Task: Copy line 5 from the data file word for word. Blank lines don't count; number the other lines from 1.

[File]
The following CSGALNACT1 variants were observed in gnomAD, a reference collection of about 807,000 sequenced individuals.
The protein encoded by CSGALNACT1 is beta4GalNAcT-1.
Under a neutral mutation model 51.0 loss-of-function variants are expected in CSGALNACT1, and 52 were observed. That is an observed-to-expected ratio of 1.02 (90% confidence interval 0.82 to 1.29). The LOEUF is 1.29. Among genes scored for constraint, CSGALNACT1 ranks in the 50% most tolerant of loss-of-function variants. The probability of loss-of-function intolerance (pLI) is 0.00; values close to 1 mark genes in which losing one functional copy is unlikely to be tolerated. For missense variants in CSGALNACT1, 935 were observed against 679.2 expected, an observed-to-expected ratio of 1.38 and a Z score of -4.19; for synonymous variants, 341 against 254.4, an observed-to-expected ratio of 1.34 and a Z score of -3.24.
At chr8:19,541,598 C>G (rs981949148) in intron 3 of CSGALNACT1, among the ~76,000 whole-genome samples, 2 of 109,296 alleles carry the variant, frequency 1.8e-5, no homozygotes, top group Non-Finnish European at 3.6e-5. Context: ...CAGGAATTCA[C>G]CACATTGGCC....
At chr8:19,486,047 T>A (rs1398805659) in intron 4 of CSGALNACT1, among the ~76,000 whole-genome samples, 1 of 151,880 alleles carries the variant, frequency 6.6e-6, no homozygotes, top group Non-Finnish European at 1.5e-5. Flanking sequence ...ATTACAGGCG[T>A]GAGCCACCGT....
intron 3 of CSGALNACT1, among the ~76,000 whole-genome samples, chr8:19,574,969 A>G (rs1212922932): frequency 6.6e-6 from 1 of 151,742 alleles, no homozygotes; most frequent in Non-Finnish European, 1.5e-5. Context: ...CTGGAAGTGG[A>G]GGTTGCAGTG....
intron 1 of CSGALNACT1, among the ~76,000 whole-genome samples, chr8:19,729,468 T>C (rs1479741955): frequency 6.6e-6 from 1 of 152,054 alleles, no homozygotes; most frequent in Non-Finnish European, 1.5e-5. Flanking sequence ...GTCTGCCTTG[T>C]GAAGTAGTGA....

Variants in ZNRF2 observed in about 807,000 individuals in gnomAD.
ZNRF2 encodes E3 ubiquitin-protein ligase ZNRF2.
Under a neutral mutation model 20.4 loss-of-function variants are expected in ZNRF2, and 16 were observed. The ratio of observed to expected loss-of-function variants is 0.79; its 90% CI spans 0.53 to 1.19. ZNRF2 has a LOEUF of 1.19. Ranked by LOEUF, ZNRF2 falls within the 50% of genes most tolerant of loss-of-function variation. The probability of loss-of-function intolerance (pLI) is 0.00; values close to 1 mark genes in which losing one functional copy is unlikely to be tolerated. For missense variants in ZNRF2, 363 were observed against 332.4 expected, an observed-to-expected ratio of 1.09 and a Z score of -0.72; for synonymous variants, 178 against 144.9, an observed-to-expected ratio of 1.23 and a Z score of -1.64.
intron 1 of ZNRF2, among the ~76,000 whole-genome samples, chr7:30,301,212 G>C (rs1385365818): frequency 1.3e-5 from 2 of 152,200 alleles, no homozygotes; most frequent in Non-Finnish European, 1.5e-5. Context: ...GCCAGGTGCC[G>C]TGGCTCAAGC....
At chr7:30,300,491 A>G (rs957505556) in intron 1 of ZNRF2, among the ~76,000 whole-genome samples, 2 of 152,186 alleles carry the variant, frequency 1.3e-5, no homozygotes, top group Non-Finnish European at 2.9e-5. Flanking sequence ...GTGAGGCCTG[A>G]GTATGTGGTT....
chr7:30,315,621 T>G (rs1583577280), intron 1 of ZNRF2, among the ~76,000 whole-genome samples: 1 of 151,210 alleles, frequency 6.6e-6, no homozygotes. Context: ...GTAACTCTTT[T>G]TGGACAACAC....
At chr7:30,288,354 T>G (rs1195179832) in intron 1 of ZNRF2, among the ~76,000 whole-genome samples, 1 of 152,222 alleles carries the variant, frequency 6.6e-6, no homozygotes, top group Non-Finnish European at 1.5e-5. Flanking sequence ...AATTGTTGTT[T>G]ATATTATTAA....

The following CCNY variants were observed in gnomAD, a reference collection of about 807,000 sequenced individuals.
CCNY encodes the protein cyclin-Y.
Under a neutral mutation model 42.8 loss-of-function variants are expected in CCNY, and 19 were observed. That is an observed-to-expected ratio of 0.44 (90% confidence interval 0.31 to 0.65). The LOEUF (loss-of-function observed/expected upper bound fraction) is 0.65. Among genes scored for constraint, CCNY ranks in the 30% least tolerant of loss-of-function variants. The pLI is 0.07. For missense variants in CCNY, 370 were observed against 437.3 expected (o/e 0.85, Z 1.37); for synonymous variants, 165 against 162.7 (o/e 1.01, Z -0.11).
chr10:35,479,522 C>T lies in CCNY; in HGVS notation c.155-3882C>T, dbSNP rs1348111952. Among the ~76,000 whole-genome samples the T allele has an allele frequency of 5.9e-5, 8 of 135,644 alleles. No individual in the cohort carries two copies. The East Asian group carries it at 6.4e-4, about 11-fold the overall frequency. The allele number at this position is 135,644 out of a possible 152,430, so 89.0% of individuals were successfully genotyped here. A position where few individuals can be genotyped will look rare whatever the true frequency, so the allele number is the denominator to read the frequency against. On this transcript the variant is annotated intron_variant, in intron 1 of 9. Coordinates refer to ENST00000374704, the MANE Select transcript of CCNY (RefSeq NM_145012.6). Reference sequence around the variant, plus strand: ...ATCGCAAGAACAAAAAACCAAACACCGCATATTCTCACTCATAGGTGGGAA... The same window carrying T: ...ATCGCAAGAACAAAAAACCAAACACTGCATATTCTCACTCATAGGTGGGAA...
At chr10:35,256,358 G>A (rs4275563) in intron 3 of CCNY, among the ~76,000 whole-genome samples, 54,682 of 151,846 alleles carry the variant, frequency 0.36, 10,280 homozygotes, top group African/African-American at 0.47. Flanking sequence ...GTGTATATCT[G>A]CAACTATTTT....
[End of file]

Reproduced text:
At chr8:19,486,047 T>A (rs1398805659) in intron 4 of CSGALNACT1, among the ~76,000 whole-genome samples, 1 of 151,880 alleles carries the variant, frequency 6.6e-6, no homozygotes, top group Non-Finnish European at 1.5e-5. Flanking sequence ...ATTACAGGCG[T>A]GAGCCACCGT....